• innovation in online teaching is alive and well in Canadian post-secondary education: there is a lot going on. It was not difficult to identify these 11 cases; I could have easily found many more if I had the time;
  • the one common feature across all the instructors I have interviewed is their enthusiasm and passion for their projects. They are all genuinely excited by what they were doing. Their teaching has been galvanised by their involvement in the innovation; 
  • in some of the cases, there are measured improvements in student learning outcomes, or, more importantly, new ’21st century skills’ such as teamwork, evidence-based argumentation, and knowledge management are being developed as a result of the innovation;
  • although again these are early days for me, there seems to be a widening gap between what is actually happening on the ground and what we read or hear about in the literature and at conferences on innovation in online learning. The innovation I am seeing is often built around simple but effective changes, such as a web-based map, or a slight change of teaching approach, such as opening up a lecture class to students who don’t want to – or can’t – come in to the campus on a particular day. However, these innovations are radically changing the dynamics of classroom teaching;
  • blended learning is breaking out all over the place. Most of these cases involve a mix of classroom and online learning, but there is no standard model – such as flipped classrooms – emerging. They all vary quite considerably from each other; 
  • the innovations are still somewhat isolated although a couple have gone beyond the original instructor and have been adopted by colleagues; however there is usually no institutional strategy or process for evaluating innovations and making sure that they are taken up across a wider range of teaching, although instructional designers working together provide one means for doing this. Evaluation of the innovation though is usually just left to the innovator, with all the risks that this entails in terms of objectivity.
Next steps

I still have at least one more case from another institution in British Columbia to follow up, and I now have a backlog of reports to do. I hope to have these all finished by the end of this month.

I have two more trips to organise. The first will be to the prairie provinces:

  • Alberta, Saskatchewan and Manitoba, which I hope to do in mid-March.

The next will be to the Maritimes,

  • Nova Scotia, New Brunswick, PEI, and Newfoundland, which I will do probably in April or May.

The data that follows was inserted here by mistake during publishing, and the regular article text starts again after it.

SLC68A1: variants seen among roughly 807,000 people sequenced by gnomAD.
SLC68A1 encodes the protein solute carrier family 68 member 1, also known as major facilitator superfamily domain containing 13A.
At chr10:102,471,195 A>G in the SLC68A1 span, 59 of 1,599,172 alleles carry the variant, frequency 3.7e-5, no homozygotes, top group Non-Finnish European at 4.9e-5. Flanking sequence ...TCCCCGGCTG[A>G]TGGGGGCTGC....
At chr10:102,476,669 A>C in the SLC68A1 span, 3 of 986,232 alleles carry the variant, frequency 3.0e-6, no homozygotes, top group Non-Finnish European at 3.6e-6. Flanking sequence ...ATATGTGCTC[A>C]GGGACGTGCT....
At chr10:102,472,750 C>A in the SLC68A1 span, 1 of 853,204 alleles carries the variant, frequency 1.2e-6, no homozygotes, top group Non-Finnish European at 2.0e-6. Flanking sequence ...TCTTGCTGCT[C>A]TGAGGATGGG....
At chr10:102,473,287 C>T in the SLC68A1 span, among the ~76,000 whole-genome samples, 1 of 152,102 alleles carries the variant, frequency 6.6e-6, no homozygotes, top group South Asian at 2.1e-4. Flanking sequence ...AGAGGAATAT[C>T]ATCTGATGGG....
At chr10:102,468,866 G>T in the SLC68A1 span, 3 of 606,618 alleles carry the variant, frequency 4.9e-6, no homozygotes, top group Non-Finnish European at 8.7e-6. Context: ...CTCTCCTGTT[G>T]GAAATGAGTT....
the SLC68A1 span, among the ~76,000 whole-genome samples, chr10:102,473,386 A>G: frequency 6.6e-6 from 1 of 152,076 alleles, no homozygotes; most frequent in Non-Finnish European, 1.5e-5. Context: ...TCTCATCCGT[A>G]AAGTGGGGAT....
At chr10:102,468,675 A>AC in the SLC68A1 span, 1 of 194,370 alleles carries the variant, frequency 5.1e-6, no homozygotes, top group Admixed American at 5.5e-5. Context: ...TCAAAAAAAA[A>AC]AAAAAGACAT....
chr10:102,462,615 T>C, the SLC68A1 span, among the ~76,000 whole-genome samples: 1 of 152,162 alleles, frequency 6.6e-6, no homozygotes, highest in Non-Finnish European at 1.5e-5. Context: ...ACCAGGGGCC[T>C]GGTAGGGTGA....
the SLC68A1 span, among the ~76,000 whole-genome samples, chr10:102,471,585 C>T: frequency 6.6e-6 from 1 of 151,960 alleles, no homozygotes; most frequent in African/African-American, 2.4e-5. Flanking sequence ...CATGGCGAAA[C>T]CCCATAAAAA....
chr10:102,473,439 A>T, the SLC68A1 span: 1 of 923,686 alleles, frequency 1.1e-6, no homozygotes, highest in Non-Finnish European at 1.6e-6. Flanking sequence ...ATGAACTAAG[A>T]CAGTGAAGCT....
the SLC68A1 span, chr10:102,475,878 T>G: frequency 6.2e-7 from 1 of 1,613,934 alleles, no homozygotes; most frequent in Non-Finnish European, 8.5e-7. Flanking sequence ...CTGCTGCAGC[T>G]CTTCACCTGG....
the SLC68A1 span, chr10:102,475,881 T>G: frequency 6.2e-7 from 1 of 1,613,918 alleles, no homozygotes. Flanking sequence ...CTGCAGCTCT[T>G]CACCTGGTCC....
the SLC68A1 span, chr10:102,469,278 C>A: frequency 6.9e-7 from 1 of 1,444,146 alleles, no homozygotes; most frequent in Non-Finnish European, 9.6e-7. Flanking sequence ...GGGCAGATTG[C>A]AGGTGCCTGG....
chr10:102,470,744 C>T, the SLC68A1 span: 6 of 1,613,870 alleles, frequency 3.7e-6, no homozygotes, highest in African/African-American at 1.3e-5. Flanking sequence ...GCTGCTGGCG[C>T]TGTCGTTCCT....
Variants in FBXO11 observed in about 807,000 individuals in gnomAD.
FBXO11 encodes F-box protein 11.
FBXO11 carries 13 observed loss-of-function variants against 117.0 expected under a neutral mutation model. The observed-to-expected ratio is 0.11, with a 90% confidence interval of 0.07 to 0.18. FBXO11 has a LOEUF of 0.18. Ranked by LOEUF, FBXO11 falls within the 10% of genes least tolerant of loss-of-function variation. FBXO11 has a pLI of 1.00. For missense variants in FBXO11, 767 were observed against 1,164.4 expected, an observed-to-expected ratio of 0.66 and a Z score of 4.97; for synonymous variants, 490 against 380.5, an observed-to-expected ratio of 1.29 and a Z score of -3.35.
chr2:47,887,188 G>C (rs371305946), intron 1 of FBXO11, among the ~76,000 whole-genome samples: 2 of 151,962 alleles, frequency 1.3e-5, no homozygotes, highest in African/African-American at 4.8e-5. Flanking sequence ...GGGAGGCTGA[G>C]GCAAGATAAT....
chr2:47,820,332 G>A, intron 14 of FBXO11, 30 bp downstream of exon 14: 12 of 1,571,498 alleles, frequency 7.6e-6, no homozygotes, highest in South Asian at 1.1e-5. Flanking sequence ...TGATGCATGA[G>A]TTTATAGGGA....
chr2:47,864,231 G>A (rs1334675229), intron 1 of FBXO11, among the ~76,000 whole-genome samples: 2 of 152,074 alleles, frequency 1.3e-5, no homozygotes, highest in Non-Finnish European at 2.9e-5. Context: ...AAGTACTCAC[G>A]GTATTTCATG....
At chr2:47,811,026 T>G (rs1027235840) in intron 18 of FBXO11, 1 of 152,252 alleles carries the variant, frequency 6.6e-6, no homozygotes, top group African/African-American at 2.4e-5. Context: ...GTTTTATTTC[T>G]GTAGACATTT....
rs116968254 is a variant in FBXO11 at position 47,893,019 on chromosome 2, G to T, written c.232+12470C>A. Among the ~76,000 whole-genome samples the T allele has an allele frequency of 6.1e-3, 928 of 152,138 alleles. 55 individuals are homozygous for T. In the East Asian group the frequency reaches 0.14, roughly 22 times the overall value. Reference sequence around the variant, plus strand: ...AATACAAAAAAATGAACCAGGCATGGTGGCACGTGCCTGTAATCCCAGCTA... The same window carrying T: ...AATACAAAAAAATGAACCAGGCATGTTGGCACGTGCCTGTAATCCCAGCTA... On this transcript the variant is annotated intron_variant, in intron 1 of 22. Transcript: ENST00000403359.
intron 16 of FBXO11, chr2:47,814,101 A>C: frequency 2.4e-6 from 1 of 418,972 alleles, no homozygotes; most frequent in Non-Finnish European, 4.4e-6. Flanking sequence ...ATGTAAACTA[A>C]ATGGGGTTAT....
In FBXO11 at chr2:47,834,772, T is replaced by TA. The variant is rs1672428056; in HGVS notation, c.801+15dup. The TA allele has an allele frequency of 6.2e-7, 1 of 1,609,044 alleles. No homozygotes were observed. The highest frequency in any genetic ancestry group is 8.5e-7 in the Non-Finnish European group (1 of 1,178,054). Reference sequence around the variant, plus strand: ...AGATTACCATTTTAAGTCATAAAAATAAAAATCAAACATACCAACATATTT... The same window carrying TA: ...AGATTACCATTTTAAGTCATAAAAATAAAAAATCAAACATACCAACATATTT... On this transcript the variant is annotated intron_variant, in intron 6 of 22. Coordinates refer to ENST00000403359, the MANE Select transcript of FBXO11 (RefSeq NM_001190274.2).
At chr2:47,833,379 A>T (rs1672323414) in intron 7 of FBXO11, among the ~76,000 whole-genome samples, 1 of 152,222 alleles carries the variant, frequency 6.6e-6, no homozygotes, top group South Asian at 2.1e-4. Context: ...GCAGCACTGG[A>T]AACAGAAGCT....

No further cases or institutions have been identified at this moment, and I am definitely open to suggestions in these provinces if you have any. The criterion for choice is as follows:

  • The focus is first and foremost on practice, on actual teaching and learning applications – not policy, funding, planning issues, descriptions of broad services, or broader concerns.
  • The interest is in applications of pedagogy using technology for classroom, blended, and online learning with the emphasis on student learning, engagement, assessment, access, etc. The pedagogy is as important as the technology in terms of innovation.
  • The emphasis is on innovative practices that can be replicated or used by other instructors.
  • We are particularly looking for cases where some form of evaluation of the innovation has been conducted or where there is clear evidence of success.

If you can recommend a case that you think fits well these parameters, please drop me a line at tony.bates@ubc.ca.

In the meantime, look out for the case studies being posted to Contact North’s Pocket of Innovation web site over the next few months. There are also more cases from Ontario being done at the same time.

IBM Adds Voice Help to Cybercrime-Fighting Watson-Powered Weaponry

Campus Technology - 13 Febrero, 2017 - 22:30
The new Watson security technology is being integrated into IBM's new cognitive security operations center (SOC) platform, which combines the cognitive abilities of Watson with on-the-ground security operations to help cyber security teams detect and fight threats across endpoints, networks, users and the cloud.

U of Florida Advises Students to be Weary of Employment Scams

Campus Technology - 13 Febrero, 2017 - 21:30
Following a warning issued by the FBI’s Crime Complaint Center, the University of Florida has released resources for students to educate and protect themselves against malicious internet activity.

Esta Presentación Te Da Rayos X Para Ver La Base De Datos De Moodle

Moodle News - 13 Febrero, 2017 - 21:11
Conocer el modelo relacional que caracteriza la arquitectura de información de Moodle es un aspecto elemental en la práctica de un desarrollador Moodle. Paras el resto de los demás, profundizar un...

University Hackers Attacked 5,000 IoT Devices on Campus

Campus Technology - 13 Febrero, 2017 - 19:30
An unnamed university’s network was hacked through its own malware-laced vending machines, smart light bulbs and more than 5,000 other IoT devices.